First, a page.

New exhibit at National Museum celebrates social progress
Seventy years ago, Costa Rica was a very different place: The army still existed. Women could not vote. Races were segregated. The unstable government was spiraling toward civil war. Before 1948 and the rise of José Figueres Ferrer, Costa Rica’s future was uncertain, and the nation could easily have become a dictatorship like others in Latin America.
The National Museum recently opened a curious new exhibition, “Conquistas Sociales en Costa Rica.” While “conquista” in this context can be translated most accurately as “achievement,” visitors will appreciate the victorious tone the exhibit gives to Costa Rica’s conquests of injustice and inequality. Arranged as a timeline that covers three white walls, “Conquista” chronicles the founding of trade unions, the forming of a new government, and numerous cultural advances.
The exhibit is festooned with banners depicting many male faces – the men who shaped Costa Rica into a progressive, modern nation – but among them is Carmen Lyra, best known as author of the “Tía Panchita” stories. Lyra’s presence here is fascating: Not only is she a rare female face in Costa Rican history, but she was also a socialist rebel who first translated “The Communist Manifesto” into Spanish and criticized both the despotic regime of Federico Tinoco (1917-1919) and abusive foreign corporations. Lyra died in exile in 1949, just as her beloved country was beginning its transformation into the Costa Rica we know today.
Overall, the exhibit is one long pat on the back, and Costa Ricans should feel proud to browse this bright room. Like last year’s “Vivamos la Democracía,” the curators have turned a dry civics lesson into something engaging. “Conquista” is not as visually compelling as “Vivamos”; a chronological list of events can only look so interesting, no matter how important those events might be.
Amateur historians should get a kick out of the videos in the back of the gallery, which play in an endless rotation. Here you can watch archival footage from the early to mid-20th century, films of street parades, major speeches, and televised announcements. It’s always nice to catch a glimpse of the old Costa Rica, not just before Pizza Hut but also before high rises and automobiles.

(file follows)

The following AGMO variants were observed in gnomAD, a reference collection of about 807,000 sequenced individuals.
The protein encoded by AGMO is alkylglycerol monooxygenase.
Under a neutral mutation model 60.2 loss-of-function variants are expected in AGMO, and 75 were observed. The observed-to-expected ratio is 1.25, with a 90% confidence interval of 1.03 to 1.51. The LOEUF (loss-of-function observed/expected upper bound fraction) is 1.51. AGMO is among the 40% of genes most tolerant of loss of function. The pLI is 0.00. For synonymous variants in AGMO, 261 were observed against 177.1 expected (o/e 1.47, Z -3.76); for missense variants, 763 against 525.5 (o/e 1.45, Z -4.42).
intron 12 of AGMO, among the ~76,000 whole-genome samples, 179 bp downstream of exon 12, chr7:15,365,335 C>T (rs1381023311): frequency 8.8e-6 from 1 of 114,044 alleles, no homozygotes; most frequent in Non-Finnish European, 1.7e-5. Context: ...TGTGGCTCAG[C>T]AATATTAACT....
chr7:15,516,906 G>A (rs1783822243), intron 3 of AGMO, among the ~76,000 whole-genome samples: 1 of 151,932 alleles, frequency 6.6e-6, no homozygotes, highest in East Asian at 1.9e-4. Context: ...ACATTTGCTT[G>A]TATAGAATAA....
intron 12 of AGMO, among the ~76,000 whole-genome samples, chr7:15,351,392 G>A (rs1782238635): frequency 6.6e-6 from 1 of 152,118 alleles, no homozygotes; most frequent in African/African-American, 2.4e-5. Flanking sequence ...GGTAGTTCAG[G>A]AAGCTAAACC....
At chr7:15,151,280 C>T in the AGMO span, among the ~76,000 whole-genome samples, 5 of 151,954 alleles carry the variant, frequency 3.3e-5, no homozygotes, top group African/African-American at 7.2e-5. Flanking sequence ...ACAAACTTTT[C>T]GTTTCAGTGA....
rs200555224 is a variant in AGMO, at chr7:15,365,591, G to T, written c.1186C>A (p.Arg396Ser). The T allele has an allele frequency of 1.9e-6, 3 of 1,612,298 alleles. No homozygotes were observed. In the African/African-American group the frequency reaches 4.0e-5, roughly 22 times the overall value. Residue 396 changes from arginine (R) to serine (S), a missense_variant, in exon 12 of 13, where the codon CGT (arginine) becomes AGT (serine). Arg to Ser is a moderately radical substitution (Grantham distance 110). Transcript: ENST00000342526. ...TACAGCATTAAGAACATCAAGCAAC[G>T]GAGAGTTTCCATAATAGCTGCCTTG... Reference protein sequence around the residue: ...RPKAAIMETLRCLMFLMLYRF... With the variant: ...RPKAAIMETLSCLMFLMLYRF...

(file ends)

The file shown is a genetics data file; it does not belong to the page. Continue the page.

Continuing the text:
Across the vestibule, you’ll also find “Diquís: Joyería de Autor” (“Diquís: Masters’ Jewelry”), a collection of handmade articles inspired by the indigenous Diquís people. The artists are part of a group called Colectivo ¿Por Qué No? (The Why Not Collective), whose members decided to use Pre-Columbian designs as a springboard for their own works. (The Diquís are most famous for sculpting the mysterious stone spheres that now symbolize indigenous Costa Rica.) The display will mostly appeal to jewelers and jewerly fans, who will appreciate the effort and creativity required to sculpt such designs. Between the Central Bank Museums and the Jade Museum, downtown San José pretty much overflows with precious stones and metals of Mesoamerican fashion, and there is no shortage of body ornamentation in the tiendas and streets of Costa Rica. But it is nice to see modern artists getting excited about ancient forms. The Diquís themselves may have died out 500 years ago, but heritage burns as long as modern people stoke its fire.
“Conquistas Sociales” and “Diquís” continue through Oct. 31 at the National Museum, downtown San José. Tue.-Sat., 8:30 a.m. – 4:30 p.m.; Sun., 9 a.m. – 4:30 p.m. ₡1,500 ($3). Info: National Museum website.
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